With the recently highly hyped Snap Inc. (NYSE:SNAP) initial public offering, I was once again reminded why I don’t attempt to buy into IPO's.
While big name company's first offer their stock to the general public, its call an initial public offering, or an IPO. While there are a number of issue's with buying stocks the first day they start trading, the biggest one is the hype!
The hype surrounding a big name IPO, such as Snap, Facebook, or Twitter to name a few, is that the demand for shares outweighs the supply on the first day of trading. Millions of people want shares and most fear if they don’t get them early, they will miss a big move higher. This hype and fear frenzy often causes shares to skyrocket in the first minutes to hours of trading. Snap for example rose 45% on day one.
But, after the hype fades, so will the stock price. The demand declines to the point that those looking to sell have to be willing to part ways with their precious shares for much less than they sold for on day one. Snap fell 27% on its second day of trading.
But, IPO's can get worse. When a company goes public, it offers so many shares to whoever wants to buy them in an attempt to raise capital for the company. Insiders and early investors aren't typically allowed to sell their shares of the company on day one. They have to abide by certain lock-out restrictions which usually expire months later after the initial public offering. (Typical lockout periods are 90 days to 180 days).
Once these lockout periods expire, the open market can again be flooded with shares for those insiders or early investors who now want out of the stock. This can again throw off the supply and demand and usually a stock will fall after the lockout period when supply is once again greater than demand.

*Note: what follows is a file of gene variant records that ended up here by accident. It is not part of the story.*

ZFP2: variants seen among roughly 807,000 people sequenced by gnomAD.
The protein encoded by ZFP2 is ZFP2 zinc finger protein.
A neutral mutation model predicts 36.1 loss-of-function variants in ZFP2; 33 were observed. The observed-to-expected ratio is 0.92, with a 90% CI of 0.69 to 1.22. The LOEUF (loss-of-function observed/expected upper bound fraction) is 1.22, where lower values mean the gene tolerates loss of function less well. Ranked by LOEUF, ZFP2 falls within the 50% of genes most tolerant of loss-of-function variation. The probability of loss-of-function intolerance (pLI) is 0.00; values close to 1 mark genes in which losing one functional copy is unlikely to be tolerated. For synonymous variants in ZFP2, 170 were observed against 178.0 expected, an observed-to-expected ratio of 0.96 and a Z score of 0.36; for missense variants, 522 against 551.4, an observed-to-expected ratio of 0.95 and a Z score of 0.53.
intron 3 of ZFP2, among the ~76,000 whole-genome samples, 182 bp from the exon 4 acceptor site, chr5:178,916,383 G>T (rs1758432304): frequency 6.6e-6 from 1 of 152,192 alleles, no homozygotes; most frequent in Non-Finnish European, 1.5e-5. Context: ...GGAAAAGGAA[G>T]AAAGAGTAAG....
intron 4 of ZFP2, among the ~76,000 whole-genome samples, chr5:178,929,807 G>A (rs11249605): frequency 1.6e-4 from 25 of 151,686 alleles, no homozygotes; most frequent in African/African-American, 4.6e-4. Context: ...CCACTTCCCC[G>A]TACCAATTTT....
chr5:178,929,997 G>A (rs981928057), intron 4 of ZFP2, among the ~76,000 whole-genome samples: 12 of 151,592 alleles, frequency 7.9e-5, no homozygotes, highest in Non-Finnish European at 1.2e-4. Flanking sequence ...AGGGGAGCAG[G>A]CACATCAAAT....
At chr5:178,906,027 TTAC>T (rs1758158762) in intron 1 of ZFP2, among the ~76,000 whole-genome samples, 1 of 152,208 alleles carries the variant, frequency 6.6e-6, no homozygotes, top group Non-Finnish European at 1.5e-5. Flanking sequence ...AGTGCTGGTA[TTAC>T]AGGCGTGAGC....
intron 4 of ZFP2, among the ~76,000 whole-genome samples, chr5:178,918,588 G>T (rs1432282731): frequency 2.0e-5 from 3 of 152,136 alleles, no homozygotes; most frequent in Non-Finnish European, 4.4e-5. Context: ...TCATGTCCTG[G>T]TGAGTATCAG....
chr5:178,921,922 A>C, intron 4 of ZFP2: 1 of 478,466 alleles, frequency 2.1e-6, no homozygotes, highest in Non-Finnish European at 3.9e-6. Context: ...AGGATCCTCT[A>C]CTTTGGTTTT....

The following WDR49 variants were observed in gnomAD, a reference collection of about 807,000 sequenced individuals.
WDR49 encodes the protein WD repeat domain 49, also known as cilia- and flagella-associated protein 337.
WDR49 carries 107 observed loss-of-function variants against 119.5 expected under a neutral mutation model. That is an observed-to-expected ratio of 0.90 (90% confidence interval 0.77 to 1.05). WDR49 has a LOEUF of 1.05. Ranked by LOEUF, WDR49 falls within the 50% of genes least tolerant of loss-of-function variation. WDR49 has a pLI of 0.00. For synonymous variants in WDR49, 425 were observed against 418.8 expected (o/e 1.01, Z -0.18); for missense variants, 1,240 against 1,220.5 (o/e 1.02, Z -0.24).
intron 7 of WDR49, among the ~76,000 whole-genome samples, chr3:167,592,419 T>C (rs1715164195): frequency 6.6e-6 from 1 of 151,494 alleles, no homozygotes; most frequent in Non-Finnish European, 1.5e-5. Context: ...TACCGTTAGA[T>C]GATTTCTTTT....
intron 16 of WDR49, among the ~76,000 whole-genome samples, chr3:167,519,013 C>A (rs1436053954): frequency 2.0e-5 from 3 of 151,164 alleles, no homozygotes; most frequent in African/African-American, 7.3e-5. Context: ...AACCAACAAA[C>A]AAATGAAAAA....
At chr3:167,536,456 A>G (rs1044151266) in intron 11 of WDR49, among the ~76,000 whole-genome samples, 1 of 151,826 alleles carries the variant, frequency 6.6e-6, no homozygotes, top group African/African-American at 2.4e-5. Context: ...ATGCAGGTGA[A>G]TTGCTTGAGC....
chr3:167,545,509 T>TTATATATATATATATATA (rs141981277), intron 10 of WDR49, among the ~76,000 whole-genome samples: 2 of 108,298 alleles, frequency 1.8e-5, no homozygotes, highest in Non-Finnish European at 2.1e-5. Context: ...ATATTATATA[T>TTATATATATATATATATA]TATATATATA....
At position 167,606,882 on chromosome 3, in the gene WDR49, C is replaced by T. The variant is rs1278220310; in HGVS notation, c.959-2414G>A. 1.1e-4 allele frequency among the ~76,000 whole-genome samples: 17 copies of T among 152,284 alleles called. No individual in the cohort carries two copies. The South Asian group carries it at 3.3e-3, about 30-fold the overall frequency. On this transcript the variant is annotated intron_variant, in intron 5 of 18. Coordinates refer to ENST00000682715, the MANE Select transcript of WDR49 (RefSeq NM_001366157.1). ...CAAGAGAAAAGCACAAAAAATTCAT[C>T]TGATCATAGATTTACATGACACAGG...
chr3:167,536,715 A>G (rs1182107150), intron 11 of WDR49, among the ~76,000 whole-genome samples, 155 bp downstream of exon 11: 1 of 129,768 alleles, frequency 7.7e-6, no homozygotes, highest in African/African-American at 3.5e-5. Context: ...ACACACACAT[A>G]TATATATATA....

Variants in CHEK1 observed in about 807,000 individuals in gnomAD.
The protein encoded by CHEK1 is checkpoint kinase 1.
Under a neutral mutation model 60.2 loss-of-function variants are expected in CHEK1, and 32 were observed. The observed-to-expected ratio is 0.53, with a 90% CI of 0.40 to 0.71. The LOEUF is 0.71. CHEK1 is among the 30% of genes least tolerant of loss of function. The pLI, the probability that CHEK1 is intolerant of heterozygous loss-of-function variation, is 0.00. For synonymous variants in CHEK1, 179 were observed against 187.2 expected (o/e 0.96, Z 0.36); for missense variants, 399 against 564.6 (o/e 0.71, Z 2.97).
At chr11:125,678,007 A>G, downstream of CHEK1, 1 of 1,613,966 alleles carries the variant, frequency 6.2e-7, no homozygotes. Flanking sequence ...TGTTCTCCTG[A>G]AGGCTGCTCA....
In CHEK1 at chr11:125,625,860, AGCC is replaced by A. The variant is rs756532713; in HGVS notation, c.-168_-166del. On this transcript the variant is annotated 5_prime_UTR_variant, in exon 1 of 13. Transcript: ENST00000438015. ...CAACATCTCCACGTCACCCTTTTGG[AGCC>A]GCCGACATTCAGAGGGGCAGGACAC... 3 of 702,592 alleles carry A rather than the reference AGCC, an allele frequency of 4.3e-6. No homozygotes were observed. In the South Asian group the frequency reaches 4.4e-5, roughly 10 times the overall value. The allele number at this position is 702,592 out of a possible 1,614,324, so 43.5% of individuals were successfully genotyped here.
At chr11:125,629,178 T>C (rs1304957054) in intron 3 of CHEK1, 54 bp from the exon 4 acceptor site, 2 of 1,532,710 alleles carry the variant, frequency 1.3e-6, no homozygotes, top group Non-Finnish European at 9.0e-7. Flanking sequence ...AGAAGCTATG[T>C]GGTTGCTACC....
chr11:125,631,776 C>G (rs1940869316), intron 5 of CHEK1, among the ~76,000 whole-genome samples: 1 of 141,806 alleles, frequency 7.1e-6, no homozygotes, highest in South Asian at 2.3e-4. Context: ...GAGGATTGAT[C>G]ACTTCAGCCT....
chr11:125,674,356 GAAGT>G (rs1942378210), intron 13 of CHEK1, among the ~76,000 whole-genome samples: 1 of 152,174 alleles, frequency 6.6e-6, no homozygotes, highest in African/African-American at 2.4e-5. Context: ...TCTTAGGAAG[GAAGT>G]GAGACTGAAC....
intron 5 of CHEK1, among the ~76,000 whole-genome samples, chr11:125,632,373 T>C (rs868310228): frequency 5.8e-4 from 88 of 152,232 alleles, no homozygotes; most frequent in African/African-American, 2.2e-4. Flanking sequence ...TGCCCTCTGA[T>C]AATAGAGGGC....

But regardless of the risks associated with investing in IPO's, some investors still want to play the game. Lucky, they can with the diversity and increased protection of Exchange Traded Funds.
Two Exchange Traded Funds that buy recently IPO'ed stocks are the Renaissance IPO ETF (PACF:IPO) and the First Trust US Equity Opportunities ETF (PACF:FPX). While both funds buy recent IPO's, they both have different holding periods and other criteria that is important to know before buying either ETF.
The Renaissance IPO ETF acquires recent IPO's within 90 days or sooner and holds for two years while First Trust (FPX) will hold stocks for four years. IPO typically has a larger concentration in a few stocks, while First Trust spreads it cash more evenly. Currently IPO has 46 holdings while FPX has 102. Both charge the same in terms of expense's at 0.6%, but FPX has a much higher distribution yield of 0.83% compared to just 0.3%.
IPO also currently carries a higher price to earnings ratio, 84.3 at this time, compared to 33.3 for FPX. FPX is also a much, much larger fund with nearly $700 million in assets under management while IPO only has $13 million. But, when it comes to performance, IPO holds the edge. One year performance of IPO is 20.79% compared to 16% for FPX and year to date IPO is up 11.67% while FPX has increased just 6.53%. (Looking out longer is not prudent since IPO has an inception date of October 2013.)
One issue with these ETF's is that they unlikely will get access to the Initial Public Offering Allocation's or pre-IPO equity, meaning if a stock pops like SNAP did on day one, the ETF is not benefiting from that and may end up just paying an inflated price down the road.
While both IPO and FPX offer investors another good option to play the IPO market, they need to remember that recently public companies tend to underperform the market. An ETF will help reduce some of your risks, but it will not eliminate risk altogether.
Disclosure: This contributor held long positions in Apple, Tesla, Intel, Google, Amazon.com, Facebook, Priceline and Microsoft at the time this blog post was published. This article is the opinion of the contributor themselves. The above is a matter of opinion provided for general information purposes only and is not intended as investment advice. This contributor is not receiving compensation (other than from INO.com) for their opinion.